Photo by Torsten Hagnéus
At 09.50 hours on 22 Aug 1942 the unescorted and unarmed Hammaren (Master Carl Gunnar Herman Clase), dispersed from convoy OS-36, was attacked with gunfire by U-507 while steaming at 13 knots with dimmed navigation light set about 40 miles east of Salvador, Bahia. Unaware of the recent enemy activity off the Brazilian coast, the ship had set her lights after spotting some fishing craft off Itapoan Point. The U-boat surfaced less than a mile off the port beam and opened fire with the deck gun after missing with three single torpedoes at 09.09, 09.11 and 09.12 hours.
The first round struck underneath the bridge, jammed the telegraph on slow astern and set this part of the ship on fire. Seven more rounds were fired of which five hit, killing three and injuring four crew members and causing another fire aft. All surviving crew members, except the master and three men, immediately abandoned ship in both lifeboats but the port boat swamped as it was damaged by the shelling. One occupant drowned and the others were picked up by the starboard boat. At 09.52 hours, U-507 fired one torpedo from the port side that apparently missed because the Hammaren was moving slowly astern.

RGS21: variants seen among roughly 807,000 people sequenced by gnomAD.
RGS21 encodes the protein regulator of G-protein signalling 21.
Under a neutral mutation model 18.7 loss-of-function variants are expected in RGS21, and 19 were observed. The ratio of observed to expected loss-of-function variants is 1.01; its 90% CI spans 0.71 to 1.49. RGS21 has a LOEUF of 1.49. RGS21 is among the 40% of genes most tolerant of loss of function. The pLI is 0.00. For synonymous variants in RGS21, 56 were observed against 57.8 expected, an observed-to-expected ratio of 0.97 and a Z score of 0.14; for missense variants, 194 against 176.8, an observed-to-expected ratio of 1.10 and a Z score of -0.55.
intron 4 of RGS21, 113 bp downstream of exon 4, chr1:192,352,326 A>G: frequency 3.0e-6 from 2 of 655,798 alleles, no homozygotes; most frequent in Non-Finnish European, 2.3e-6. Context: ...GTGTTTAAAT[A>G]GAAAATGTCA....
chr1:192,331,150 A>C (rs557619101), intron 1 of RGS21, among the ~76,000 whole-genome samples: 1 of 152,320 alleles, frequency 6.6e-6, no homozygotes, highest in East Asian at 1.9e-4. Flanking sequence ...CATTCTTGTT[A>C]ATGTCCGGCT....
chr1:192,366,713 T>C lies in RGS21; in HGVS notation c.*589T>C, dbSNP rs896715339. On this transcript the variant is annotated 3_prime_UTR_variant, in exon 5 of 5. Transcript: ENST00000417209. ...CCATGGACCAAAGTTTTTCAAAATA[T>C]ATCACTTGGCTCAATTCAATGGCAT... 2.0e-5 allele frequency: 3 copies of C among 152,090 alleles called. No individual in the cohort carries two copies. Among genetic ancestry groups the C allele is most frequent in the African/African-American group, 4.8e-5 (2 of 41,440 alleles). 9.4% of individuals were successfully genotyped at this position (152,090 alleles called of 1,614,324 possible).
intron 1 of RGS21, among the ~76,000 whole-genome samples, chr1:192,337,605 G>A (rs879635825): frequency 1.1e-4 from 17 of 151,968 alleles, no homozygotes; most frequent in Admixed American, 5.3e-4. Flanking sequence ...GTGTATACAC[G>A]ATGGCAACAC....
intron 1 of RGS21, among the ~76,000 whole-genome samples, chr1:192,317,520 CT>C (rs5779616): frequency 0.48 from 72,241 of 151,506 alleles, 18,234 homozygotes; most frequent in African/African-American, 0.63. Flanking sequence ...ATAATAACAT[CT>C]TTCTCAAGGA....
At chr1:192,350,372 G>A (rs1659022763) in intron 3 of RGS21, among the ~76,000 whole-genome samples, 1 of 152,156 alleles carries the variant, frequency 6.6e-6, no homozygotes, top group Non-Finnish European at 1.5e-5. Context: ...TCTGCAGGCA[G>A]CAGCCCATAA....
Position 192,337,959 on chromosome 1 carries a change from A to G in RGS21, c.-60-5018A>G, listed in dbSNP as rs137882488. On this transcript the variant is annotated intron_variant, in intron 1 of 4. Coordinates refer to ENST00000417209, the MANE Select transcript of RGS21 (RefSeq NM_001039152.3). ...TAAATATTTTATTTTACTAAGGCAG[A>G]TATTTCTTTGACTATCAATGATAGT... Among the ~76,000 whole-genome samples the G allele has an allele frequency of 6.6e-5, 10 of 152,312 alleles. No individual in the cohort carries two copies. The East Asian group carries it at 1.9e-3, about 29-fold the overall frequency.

The U-boat then went around the stern and five minutes later fired another torpedo that struck on the starboard side underneath the forward mast and caused the ship to sink by the bow at 10.12 hours. The four men still aboard had to jump into the water and the master and two men were picked up by the lifeboat, but the fourth drowned. The lifeboat then set sail towards the nearby coast and made landfall after five hours near Salvador. The four injured men were admitted to a hospital, where the chief engineer died of wounds ten days after the sinking.